Childhood Asthma Action Plan

Asthma Action Plan article - Masterfile

Every asthma action plan should address the daily management of symptoms and how to recognize and handle worsening asthma problems, according to the National Heart, Lung and Blood Institute.

Each plan should be divided into three parts, or zones, which correspond to the percent of peak airflow and the symptoms you or your child with asthma is experiencing. (A peak flow meter can be used on children who are at least four to five years of age.) For younger children, you need to rely on symptoms as a guide to action.

  • Green zone—This is where your child should be every day. It means that he or she has 80 percent or greater peak airflow and no limitations on activities. An at-home (and at-school) peak-flow meter can provide this information. A child in the green zone who is prescribed long-term controller medications should continue taking them.
  • Yellow zone—A child in this zone has between 50 percent and 79 percent peak airflow and experiences some asthma symptoms, including coughing, wheezing or breathing difficulties. This zone calls for fast-acting (rescue) medication as well as for continuing long-term controller medications, as prescribed. Make sure the doctor writes out steps to take if symptoms continue after using the rescue medicine: These may involve adding an oral steroid and calling the doctor.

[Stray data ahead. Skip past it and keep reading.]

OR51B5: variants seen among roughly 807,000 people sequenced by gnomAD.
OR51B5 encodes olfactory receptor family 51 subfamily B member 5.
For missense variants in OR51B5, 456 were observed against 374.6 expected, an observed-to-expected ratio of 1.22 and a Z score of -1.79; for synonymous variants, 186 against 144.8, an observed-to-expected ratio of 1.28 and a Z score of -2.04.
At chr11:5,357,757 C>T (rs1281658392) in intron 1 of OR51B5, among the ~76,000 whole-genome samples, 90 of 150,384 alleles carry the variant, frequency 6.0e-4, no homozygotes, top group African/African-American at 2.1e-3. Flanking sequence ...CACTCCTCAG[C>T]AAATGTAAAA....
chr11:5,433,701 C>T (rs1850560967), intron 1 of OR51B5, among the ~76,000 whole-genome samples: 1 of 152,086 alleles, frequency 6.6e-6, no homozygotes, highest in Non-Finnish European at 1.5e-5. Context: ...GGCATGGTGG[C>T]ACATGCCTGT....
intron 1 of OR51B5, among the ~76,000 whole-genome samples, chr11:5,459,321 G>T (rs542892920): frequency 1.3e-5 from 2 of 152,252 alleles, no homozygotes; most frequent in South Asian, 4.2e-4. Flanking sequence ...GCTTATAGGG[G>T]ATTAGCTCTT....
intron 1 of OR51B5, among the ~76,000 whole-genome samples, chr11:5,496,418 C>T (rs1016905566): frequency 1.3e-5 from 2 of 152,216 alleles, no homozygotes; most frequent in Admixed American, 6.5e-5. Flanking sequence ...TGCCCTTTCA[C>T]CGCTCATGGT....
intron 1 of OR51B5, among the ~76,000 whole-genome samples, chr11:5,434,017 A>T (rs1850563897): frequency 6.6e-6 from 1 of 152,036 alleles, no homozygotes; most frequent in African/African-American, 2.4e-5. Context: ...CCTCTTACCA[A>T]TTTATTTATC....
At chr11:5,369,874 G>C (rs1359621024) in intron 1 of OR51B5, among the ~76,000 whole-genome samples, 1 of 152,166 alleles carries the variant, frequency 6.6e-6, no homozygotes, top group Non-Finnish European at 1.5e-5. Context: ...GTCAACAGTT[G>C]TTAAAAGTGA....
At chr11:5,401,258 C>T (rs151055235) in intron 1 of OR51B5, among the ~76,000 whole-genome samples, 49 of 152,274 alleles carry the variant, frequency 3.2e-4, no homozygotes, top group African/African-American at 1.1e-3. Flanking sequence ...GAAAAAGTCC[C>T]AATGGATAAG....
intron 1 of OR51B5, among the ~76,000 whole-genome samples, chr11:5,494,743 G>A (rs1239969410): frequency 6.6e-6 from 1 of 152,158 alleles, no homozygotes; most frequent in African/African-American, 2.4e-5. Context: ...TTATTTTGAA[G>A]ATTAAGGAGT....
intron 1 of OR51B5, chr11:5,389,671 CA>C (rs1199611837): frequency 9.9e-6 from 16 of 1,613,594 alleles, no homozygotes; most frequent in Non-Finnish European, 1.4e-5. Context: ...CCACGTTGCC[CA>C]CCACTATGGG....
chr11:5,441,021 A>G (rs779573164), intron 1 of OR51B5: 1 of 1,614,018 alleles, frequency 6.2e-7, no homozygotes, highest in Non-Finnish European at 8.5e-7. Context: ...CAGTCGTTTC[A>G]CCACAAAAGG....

• Red zone—This signifies a medical alert. Your child has only 50 percent peak airflow, is experiencing severe symptoms and may be very short of breath. Usually the action plan requires that he or she take fast-acting (rescue) medication, that you immediately call the doctor, and that if your child does not quickly improve, you seek treatment at an emergency room. This is not a time to wait and see what happens.

Publication Review By: Raymond Slavin, M.D.; Derek Johnson, M.D. for MDminute™

Published: 30 Sep 2009

Last Modified: 10 Oct 2014